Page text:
Hew Locke: The Ghostly Tourists

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The Chrysler Museum of Art is excited to present its newly acquired sculpture Ghost (2015) by Guyanese-British artist Hew Locke. Ghost is a miniaturized version of the King George V class World War II British battleships. These ships acted as envoys for other naval vessels throughout the frigid northern Atlantic Ocean. Ghost is painted with black triangular lines along the sides, mimicking the camouflage World War II ships used against German fleets. Small skulls, beads, and flowers on Locke’s vessel suggest that it is a “ghost ship” and allude to the physical destruction ships like it caused during the war.
Locke’s related film The Tourists (2015) enhances his sculpture. The film was commissioned by The Imperial War Museum, where Locke created and recorded a series of interventions onboard the HMS Belfast, a battleship museum moored in the center of the Thames River in London. In The Tourists, viewers take a tour of this British battleship and discover how the crew members are planning to enjoy some free time in the Caribbean, part of the ship’s final voyage. The Belfast was active during the Korean War as well as in World War II and visited the Caribbean in 1962, stopping in Trinidad on its final voyage.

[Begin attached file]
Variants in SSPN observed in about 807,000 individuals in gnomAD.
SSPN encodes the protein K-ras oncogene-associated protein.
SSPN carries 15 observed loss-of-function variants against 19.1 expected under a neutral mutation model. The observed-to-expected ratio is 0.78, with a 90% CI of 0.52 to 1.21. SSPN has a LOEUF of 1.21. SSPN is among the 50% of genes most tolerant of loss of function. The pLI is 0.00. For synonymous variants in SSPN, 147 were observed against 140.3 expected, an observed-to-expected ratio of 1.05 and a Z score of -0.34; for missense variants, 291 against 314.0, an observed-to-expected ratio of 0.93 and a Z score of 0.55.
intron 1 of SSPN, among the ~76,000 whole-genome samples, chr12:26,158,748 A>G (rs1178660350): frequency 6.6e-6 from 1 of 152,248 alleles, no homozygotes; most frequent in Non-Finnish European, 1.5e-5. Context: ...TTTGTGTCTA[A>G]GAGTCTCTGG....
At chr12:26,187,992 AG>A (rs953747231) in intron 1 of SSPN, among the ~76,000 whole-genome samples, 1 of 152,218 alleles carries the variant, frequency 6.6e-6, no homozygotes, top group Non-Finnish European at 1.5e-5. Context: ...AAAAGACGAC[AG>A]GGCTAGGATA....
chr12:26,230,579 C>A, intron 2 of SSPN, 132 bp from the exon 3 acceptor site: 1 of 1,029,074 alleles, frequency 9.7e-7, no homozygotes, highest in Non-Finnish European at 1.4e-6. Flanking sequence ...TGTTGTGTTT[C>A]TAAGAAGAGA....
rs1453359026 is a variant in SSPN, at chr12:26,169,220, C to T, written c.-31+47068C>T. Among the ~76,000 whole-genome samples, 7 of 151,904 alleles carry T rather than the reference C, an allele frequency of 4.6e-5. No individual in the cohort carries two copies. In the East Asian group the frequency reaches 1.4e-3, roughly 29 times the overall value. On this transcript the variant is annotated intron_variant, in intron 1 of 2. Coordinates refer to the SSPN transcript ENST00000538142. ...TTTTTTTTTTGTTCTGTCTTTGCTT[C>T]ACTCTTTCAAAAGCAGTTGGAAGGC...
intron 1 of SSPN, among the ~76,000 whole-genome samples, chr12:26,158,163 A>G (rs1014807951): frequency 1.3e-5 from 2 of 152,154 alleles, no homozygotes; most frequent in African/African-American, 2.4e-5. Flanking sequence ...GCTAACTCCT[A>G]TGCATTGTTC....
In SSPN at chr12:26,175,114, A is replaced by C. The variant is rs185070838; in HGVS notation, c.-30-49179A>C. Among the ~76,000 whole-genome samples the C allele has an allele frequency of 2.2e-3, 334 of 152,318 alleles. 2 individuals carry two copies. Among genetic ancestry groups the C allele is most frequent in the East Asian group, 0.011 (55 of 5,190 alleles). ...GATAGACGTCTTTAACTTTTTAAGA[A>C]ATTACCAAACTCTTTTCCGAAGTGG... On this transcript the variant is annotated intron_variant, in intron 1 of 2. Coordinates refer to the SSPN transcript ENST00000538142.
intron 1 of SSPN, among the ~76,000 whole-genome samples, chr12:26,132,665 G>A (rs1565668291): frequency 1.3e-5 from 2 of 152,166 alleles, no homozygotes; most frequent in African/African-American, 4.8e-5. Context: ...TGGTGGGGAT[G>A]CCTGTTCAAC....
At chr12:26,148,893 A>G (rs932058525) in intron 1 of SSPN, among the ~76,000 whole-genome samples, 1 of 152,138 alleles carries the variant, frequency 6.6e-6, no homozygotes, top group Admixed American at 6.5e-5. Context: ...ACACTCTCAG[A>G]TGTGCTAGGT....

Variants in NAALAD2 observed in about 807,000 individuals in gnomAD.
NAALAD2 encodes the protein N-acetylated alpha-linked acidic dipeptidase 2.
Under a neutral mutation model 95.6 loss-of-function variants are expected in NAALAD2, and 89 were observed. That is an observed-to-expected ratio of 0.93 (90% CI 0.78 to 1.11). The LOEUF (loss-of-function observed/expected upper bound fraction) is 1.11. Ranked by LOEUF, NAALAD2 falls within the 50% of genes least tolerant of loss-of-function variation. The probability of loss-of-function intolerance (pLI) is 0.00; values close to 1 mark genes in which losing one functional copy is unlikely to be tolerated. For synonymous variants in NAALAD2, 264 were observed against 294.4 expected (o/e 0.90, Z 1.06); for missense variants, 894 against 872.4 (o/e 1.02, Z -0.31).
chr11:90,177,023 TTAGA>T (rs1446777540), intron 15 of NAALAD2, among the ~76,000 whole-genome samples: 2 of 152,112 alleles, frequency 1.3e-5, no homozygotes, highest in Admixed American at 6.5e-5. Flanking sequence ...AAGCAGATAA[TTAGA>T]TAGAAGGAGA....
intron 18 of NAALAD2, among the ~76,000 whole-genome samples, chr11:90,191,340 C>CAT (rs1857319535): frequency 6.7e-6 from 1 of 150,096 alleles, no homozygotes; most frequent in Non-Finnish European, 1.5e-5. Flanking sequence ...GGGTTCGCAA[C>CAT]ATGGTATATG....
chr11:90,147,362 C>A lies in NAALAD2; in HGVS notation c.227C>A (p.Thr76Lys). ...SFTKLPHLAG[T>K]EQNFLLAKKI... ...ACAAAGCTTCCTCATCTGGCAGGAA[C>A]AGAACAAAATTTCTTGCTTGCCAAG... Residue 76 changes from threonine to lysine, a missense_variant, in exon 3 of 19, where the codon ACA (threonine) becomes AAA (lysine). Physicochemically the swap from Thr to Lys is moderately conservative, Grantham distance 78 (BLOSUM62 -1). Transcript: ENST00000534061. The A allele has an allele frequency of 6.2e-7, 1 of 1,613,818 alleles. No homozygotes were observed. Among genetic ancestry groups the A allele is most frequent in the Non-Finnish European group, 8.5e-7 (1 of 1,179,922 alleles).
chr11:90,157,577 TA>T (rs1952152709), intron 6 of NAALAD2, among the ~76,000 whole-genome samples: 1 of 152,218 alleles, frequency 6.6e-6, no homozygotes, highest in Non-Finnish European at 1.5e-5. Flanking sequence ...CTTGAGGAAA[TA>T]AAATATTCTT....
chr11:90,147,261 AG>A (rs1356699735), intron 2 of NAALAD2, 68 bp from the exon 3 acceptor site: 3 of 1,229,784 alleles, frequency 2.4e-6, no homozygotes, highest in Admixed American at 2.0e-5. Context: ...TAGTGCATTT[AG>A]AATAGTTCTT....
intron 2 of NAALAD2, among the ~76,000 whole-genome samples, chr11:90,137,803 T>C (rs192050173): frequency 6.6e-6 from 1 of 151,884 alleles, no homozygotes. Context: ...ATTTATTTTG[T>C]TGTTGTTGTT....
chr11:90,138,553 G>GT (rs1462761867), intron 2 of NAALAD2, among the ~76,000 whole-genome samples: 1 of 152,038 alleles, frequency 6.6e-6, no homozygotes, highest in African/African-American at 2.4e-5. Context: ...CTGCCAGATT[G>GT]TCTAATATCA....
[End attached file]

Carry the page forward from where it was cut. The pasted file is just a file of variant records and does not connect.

The film and sculpture work together to show the range of Locke’s practice and his ongoing creation of boats and ships, which represent the artist’s British and Guyanese identities. Ghost and The Tourists stand as icons of the former British Empire and the country’s use of naval power in colonializing Caribbean countries such as Guyana.

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